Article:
Back To Where (For Most Of Us) It Started, The Intel 8080

The early history of microprocessors is a surprisingly complex one, with more than one claimant for the prize of being the first, and multiple competing families. That the first commercially available part was the Intel 4004 is a matter of record, but it’s fair to say that few of us will have ever encountered one. Even its 8-bit sibling the 8008 would not have featured heavily in a 1974 version of Hackaday, such was its exotic nature. If there’s a microprocessor that can be claimed to have started it all for us then, it’s the Intel 8080. It established the 8-bit microporcessor with an 8-bit bus and a 16-bit address space, it had an order of maginitude more performance than its predecessors, and crucially it would become affordable enough for experimenters. It provided the guts of the MITS Altair 8800 microcomputer, and thus kickstarted the progression of home computers which led to the devices you use every day.

The 8080 is in our sights today, thanks to [DeviceGuru], who was sent down memory lane by thoughts of the 6502-based KIM-1 from his master’s thesis project. This led to memories of the 8080 Abie computer that he built for himself in 1979, for which he provides us some details and hand-drawn schematics. By then the 8080’s need for several support chips made it somewhat outdated, but from his perspective the chip could be had from Radio Shack without too much outlay. His tale of hand-assembling 8080 code and sending it to a friend for blowing onto a PROM might be familiar to some readers of a certain age.

Though the 8080 ceased volume production a quarter century ago (surprisingly there are still places you can get a new one though) it hasn’t entirely disappeared from our community’s consciousness. [DeviceGuru] tells us about the 8080 Microprocessor kit from [Wichit Sirichote] in Thailand which is a single board computer in the 1970s vein, hex keypad and all.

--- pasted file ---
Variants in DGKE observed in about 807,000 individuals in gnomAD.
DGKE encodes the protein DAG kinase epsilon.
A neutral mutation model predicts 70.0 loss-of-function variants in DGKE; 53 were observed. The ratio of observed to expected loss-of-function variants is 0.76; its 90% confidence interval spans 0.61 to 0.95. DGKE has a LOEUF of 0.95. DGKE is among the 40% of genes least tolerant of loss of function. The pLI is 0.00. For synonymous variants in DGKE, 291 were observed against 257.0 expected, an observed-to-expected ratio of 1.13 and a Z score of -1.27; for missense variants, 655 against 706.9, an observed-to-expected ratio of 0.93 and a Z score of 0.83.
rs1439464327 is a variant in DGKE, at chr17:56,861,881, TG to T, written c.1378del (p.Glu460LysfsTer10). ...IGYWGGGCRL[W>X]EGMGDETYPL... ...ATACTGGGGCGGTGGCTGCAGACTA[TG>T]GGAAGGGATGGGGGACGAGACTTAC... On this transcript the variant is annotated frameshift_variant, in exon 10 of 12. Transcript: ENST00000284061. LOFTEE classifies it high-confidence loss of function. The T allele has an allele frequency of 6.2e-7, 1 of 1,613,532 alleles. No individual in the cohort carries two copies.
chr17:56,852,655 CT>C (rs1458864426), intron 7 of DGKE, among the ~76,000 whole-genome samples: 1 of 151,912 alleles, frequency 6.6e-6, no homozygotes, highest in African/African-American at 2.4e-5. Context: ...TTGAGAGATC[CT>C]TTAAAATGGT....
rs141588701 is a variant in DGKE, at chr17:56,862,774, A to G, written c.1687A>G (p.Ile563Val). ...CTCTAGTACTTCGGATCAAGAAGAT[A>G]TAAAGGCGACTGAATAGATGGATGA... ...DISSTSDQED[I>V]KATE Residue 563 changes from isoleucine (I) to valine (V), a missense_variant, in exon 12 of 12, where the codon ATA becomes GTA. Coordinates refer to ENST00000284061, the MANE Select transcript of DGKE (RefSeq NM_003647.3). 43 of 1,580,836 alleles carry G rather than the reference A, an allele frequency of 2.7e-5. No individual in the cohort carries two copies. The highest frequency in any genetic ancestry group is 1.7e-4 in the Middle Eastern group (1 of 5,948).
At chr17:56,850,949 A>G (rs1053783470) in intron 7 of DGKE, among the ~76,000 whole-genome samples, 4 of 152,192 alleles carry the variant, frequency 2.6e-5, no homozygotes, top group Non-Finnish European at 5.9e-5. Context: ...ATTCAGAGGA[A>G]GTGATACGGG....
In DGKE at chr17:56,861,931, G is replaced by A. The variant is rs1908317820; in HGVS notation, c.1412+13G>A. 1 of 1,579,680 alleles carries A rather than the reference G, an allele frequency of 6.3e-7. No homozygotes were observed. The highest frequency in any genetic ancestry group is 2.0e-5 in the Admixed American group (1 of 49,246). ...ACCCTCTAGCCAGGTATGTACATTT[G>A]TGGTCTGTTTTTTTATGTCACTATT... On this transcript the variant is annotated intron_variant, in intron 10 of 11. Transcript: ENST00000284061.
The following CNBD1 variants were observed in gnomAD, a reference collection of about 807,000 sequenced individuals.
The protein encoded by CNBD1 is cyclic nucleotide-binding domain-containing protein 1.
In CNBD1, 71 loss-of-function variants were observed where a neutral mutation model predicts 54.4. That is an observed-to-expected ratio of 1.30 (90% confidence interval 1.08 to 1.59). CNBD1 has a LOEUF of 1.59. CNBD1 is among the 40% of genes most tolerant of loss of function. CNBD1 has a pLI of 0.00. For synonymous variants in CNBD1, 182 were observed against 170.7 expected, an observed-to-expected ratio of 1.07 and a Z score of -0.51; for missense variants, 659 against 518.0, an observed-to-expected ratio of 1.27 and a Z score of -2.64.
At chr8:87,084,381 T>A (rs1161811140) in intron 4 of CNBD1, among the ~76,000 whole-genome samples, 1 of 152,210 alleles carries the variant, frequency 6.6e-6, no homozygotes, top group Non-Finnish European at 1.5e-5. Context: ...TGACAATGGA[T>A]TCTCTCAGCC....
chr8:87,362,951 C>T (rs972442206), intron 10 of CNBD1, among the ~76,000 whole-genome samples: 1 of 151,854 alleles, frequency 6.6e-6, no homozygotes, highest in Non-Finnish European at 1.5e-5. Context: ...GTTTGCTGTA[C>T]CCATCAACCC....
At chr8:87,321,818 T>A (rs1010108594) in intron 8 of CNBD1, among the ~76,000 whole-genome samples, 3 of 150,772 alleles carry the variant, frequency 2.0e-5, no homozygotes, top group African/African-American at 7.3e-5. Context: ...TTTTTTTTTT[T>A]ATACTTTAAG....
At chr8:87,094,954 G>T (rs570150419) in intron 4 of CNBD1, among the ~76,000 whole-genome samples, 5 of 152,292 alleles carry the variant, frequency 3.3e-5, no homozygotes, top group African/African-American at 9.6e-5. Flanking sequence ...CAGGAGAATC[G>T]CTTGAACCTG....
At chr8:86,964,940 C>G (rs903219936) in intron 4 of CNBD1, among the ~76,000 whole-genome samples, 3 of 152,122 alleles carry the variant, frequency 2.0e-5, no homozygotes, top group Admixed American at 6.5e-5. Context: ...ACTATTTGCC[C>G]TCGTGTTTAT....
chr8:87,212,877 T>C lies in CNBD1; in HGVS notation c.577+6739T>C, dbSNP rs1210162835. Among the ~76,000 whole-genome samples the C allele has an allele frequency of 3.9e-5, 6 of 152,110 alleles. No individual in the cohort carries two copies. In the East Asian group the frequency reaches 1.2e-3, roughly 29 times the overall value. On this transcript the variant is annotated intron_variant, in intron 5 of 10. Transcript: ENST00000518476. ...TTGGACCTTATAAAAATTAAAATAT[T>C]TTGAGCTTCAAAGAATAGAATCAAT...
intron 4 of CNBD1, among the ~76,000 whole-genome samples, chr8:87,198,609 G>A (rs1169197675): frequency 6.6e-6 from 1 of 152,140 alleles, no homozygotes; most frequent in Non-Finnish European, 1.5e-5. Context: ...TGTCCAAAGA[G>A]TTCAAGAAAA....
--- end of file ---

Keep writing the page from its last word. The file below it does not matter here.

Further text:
As you might expect, the 8080 hasn’t appeared in many projects here due to its rarity. Those that have seem more likely to feature its Eastern Bloc clones, such as this Polish model or this Russian one. It’s worth the reminder that if you fancy exploring some 8080 code of your own that you don’t even need an 8080 to run it on some silicon. The hugely popular Zilog Z80 as found in retrocomputers such as the RC2014 is fully mostly 8080 code compatible, indeed some of us learned about microprocessors that way because 8080 books were discounted in 1983 and Z80 ones weren’t.

Header image: Konstantin Lanzet [CC BY-SA 3.0].

41 thoughts on “Back To Where (For Most Of Us) It Started, The Intel 8080

  1. Yep, fond memories of manually coding each byte of the EPROM in a wire-wrapped Z80 system, that used peripheral chips from Intel’s 8080 line.

    Haven’t we come such a very long way?!?!

  2. The 8080’s a surprisingly elegant architecture, once you get your head around it — not particularly dense but very easy to learn and work with. Horrible to compile C into, of course, but all the early 8-bit architectures were. (Incidentally, I think I have the only 8080 ANSI C compiler around!